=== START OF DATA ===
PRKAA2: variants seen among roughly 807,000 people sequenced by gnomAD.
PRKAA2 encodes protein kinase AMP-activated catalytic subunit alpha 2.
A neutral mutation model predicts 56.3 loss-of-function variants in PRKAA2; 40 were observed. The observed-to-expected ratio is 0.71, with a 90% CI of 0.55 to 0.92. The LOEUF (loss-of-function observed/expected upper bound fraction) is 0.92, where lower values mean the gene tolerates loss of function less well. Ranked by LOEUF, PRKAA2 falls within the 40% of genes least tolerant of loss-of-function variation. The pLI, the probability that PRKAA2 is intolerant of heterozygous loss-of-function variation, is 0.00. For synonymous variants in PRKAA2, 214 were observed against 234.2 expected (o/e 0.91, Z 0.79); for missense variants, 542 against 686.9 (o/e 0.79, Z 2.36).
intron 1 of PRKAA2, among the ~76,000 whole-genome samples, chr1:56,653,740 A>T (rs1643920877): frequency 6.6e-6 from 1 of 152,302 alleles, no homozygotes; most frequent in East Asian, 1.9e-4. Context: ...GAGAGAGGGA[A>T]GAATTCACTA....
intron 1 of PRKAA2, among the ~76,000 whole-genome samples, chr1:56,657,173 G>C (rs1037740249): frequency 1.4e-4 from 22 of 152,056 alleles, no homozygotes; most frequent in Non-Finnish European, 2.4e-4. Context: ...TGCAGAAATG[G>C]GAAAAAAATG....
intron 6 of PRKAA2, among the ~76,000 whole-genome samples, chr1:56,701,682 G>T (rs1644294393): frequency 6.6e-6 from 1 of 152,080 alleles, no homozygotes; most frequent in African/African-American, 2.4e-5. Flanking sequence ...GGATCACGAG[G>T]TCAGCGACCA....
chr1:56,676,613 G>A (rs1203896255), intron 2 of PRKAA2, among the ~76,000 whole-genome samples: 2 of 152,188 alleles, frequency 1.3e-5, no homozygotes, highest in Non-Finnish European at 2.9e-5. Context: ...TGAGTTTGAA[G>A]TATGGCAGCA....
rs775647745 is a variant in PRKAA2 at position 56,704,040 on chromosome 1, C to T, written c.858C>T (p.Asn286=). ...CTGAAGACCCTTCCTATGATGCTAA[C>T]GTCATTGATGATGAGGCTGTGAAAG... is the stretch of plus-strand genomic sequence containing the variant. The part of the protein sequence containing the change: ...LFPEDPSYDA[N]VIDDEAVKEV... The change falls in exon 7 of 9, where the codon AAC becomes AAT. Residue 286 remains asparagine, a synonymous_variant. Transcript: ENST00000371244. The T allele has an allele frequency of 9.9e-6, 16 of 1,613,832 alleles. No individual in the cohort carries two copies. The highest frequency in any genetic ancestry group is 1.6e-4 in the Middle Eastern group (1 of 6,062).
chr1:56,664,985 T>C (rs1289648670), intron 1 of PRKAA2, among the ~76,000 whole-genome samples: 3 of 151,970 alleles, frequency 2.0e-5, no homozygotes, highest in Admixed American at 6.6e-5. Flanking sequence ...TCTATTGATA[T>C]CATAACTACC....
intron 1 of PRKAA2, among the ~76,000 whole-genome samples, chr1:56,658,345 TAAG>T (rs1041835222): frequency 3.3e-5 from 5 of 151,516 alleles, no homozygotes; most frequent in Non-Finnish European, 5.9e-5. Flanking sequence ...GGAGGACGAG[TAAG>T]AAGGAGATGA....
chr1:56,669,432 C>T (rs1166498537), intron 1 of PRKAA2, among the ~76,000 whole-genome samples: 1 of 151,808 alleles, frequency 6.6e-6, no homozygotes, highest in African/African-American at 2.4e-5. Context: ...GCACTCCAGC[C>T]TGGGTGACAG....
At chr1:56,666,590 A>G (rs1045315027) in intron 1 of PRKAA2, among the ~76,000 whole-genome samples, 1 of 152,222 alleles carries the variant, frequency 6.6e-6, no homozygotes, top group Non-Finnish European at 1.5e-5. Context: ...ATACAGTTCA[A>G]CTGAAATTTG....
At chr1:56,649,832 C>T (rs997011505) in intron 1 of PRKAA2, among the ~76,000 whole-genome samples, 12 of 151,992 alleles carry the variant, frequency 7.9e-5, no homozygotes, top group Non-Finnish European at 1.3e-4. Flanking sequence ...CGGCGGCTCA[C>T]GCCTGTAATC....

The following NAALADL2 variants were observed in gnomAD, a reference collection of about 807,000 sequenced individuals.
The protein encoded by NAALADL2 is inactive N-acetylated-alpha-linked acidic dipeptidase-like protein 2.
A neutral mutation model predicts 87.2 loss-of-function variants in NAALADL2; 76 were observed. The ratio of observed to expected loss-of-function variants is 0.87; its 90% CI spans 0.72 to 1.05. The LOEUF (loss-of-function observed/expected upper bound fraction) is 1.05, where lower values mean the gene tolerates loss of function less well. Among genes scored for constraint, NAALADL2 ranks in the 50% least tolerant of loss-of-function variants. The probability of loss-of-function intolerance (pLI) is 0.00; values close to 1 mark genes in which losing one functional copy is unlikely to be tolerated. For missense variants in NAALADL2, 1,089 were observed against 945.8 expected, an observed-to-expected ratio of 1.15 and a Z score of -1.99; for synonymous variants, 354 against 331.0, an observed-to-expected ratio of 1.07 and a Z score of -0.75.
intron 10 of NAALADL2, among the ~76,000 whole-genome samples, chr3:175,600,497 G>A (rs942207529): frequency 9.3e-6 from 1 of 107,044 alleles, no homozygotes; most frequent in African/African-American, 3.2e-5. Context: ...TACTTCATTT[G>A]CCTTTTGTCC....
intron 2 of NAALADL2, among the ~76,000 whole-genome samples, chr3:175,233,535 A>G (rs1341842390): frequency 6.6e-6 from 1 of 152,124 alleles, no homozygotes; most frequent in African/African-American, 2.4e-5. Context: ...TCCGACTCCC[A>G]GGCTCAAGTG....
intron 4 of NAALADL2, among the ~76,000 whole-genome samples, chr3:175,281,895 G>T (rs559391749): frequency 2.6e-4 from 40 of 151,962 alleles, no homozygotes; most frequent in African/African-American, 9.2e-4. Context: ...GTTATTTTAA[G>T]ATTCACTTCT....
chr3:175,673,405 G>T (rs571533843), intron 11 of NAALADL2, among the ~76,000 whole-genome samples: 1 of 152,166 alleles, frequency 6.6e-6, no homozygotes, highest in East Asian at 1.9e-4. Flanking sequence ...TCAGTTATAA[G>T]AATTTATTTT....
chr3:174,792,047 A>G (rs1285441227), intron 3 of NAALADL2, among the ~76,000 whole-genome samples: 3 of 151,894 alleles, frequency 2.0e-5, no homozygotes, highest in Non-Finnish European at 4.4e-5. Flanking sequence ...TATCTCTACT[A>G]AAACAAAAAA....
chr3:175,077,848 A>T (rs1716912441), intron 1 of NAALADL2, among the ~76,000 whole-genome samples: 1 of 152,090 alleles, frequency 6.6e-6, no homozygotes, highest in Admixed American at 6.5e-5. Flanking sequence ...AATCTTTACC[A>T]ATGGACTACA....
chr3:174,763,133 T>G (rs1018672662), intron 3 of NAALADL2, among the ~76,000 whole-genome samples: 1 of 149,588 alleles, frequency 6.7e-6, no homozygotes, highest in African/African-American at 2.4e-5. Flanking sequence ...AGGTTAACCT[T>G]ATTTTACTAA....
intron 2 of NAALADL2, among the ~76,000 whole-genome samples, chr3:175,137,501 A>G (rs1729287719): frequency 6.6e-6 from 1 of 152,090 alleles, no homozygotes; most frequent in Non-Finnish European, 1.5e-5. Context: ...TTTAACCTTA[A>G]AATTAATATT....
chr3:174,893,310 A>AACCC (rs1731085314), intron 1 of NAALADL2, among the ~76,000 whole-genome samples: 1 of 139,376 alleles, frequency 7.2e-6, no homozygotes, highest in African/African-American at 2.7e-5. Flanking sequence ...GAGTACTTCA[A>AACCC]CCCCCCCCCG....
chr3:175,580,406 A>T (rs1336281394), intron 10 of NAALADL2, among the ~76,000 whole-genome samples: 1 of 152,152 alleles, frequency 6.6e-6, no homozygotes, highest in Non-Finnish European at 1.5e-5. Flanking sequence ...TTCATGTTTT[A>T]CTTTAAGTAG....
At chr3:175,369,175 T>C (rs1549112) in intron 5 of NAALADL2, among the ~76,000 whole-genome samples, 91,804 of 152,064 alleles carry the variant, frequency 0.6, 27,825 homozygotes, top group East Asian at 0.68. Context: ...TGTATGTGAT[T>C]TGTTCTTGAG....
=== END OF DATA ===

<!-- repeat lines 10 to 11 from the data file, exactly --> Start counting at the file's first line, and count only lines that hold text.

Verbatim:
intron 1 of PRKAA2, among the ~76,000 whole-genome samples, chr1:56,658,345 TAAG>T (rs1041835222): frequency 3.3e-5 from 5 of 151,516 alleles, no homozygotes; most frequent in Non-Finnish European, 5.9e-5. Flanking sequence ...GGAGGACGAG[TAAG>T]AAGGAGATGA....
chr1:56,669,432 C>T (rs1166498537), intron 1 of PRKAA2, among the ~76,000 whole-genome samples: 1 of 151,808 alleles, frequency 6.6e-6, no homozygotes, highest in African/African-American at 2.4e-5. Context: ...GCACTCCAGC[C>T]TGGGTGACAG....